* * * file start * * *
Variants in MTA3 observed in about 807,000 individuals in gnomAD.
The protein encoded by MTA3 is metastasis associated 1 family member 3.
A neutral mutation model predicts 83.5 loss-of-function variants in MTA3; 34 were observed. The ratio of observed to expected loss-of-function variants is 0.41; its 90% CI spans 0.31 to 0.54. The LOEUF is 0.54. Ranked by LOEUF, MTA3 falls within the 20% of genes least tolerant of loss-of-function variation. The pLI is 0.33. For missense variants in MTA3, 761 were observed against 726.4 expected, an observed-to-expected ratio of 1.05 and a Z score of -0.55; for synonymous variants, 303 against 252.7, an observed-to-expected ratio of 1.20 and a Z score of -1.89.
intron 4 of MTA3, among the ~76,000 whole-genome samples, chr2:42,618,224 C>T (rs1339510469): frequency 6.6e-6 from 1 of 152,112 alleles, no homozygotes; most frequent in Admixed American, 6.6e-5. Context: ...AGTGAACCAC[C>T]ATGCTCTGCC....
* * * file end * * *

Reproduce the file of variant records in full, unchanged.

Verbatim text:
Variants in MTA3 observed in about 807,000 individuals in gnomAD.
The protein encoded by MTA3 is metastasis associated 1 family member 3.
A neutral mutation model predicts 83.5 loss-of-function variants in MTA3; 34 were observed. The ratio of observed to expected loss-of-function variants is 0.41; its 90% CI spans 0.31 to 0.54. The LOEUF is 0.54. Ranked by LOEUF, MTA3 falls within the 20% of genes least tolerant of loss-of-function variation. The pLI is 0.33. For missense variants in MTA3, 761 were observed against 726.4 expected, an observed-to-expected ratio of 1.05 and a Z score of -0.55; for synonymous variants, 303 against 252.7, an observed-to-expected ratio of 1.20 and a Z score of -1.89.
intron 4 of MTA3, among the ~76,000 whole-genome samples, chr2:42,618,224 C>T (rs1339510469): frequency 6.6e-6 from 1 of 152,112 alleles, no homozygotes; most frequent in Admixed American, 6.6e-5. Context: ...AGTGAACCAC[C>T]ATGCTCTGCC....